Tributes paid to Brighton and Hove community champion

Posted On 27 Jul 2020 at 9:11 pm

Tributes have been paid to a community champion who helped give a voice to generations of people from some of the poorer parts of Brighton and Hove.

Barry Hulyer died last weekend, having just turned 66.

Mr Hulyer was a leading figure in the Hangleton and Knoll Project for 20 years and used it as the model to set up the Trust for Developing Communities (TDC) in 2000.

He also set up music charity AudioActive – where the singer songwriter Rory Graham, better known as Rag’n’Bone Man, is a patron – and was instrumental in the creation of Community Works in 2013.

And he was given a lifetime achievement award for his contribution to the community and voluntary sector in Brighton and Hove.

Mr Hulyer was born in Welwyn Garden City, in Hertfordshire, and came to Brighton in the late 1970s.

He worked at the Brighton and Hove Community Resource Centre, in North Road, Brighton.

Writer and broadcaster Simon Fanshawe, who worked with Mr Hulyer at the Resource Centre, said that he had “inspired so many people”.

Mr Fanshawe said: “He was funny, sardonic and … he had a knack of being bloody aggravating when he wanted something to happen – a dog with a bone – and at the same time so humane in his understanding of how disadvantage and poverty took power away from people.

“His determination to reverse that has inspired me for ever.

“His gutsiness in doing the best for local communities will be his greatest legacy.

“He was a true fighter for fairness and a true believer in the potential of people.”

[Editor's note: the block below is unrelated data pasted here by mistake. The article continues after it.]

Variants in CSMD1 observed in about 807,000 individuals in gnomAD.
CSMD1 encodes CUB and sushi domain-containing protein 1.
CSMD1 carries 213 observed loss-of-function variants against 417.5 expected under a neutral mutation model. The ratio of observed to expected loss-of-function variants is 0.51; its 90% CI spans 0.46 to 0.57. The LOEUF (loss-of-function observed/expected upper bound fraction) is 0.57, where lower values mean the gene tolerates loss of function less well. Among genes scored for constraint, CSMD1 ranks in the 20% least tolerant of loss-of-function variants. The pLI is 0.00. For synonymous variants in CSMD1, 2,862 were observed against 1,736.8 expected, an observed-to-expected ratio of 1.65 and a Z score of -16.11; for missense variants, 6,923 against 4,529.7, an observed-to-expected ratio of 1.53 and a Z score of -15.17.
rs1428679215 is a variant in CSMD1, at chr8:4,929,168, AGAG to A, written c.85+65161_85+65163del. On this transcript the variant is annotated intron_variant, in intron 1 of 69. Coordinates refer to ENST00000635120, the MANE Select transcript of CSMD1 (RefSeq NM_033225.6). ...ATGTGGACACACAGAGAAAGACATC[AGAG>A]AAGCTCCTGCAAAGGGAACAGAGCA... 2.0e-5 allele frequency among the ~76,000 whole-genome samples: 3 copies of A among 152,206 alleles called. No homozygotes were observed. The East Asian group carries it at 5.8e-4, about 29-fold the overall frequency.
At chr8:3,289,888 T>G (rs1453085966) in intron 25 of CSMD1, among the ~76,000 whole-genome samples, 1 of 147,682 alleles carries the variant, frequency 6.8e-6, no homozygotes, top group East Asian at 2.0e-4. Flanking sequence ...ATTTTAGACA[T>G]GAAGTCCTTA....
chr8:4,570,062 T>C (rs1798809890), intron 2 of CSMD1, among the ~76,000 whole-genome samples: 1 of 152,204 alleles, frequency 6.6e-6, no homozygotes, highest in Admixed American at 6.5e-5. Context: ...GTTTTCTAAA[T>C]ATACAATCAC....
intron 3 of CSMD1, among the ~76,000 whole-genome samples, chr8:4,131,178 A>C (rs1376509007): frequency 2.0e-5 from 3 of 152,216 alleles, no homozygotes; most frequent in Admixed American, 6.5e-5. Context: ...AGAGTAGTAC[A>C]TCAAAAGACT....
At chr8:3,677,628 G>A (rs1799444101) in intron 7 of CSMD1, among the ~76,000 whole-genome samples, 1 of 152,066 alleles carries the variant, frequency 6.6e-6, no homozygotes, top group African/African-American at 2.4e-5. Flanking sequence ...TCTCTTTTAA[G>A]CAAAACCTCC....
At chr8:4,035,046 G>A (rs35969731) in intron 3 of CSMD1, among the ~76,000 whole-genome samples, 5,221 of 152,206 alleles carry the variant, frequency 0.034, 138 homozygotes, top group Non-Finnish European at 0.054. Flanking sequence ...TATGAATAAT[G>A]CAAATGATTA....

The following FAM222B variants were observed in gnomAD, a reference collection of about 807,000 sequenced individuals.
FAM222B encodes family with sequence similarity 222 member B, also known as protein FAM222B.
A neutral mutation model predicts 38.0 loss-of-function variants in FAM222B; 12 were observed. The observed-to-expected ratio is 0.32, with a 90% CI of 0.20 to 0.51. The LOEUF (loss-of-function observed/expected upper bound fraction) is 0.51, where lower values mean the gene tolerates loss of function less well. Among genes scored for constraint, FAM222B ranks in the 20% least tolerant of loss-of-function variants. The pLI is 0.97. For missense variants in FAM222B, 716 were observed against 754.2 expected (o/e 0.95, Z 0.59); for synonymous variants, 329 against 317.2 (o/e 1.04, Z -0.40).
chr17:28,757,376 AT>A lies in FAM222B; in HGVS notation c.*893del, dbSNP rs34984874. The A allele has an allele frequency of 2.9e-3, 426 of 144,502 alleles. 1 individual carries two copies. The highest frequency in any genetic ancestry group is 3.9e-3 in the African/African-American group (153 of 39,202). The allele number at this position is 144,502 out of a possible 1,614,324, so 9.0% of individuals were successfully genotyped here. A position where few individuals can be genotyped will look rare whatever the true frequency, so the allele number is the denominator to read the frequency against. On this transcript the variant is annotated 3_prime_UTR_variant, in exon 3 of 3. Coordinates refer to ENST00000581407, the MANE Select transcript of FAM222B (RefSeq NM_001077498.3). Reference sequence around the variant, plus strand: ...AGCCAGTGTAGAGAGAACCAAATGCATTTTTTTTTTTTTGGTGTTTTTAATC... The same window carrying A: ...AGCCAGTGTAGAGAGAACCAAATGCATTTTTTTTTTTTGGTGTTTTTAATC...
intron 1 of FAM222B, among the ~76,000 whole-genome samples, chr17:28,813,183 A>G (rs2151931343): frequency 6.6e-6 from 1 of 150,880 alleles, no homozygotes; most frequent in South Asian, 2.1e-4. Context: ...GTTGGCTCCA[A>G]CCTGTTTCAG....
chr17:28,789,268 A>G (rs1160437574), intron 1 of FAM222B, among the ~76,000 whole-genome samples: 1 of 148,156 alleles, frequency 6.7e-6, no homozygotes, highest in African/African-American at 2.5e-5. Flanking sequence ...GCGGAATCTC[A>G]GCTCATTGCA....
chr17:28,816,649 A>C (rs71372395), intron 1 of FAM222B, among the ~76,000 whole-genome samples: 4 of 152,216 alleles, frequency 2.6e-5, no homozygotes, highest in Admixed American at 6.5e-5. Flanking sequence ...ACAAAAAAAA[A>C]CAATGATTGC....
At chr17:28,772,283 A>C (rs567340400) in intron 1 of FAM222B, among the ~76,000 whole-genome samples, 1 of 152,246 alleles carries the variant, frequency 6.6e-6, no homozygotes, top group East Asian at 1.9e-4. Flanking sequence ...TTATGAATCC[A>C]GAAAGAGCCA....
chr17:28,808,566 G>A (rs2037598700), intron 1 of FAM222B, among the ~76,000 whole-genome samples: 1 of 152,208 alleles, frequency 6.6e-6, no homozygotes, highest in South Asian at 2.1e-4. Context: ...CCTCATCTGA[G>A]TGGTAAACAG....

Mr Hulyer was a community development worker at PACT (People and Churches Together) when he was placed in Hangleton and Knoll where he helped a small project become an established and widely respected grassroots organisation.

Barry Hulyer

Another former Resource Centre colleague, Jim Simpson, said: “Way back in the 1980s I was lucky to work with Barry and be trained by him.”

“He was such an inspiration,” Mr Simpson said, adding: “So much high-quality community development and improvements to neighbourhoods in the city – lasting and deep-rooted ones – have come about because of Barry and his trail-blazing work.

“His bold master stroke of founding and creating the Trust for Developing Communities was a brilliant endeavour.

“Barry was indeed bold, courageous and single-minded. Everything he did was driven by the desire to make things better for other people.

“This value put into action in so many brilliant ways was truly inspirational.

“So many of us have so much to thank Barry for. The city has much to thank him for. He was loved and appreciated by many.”

Bellngham Crescent on the Knoll Estate in Hove – Picture by Simon Carey / Geograph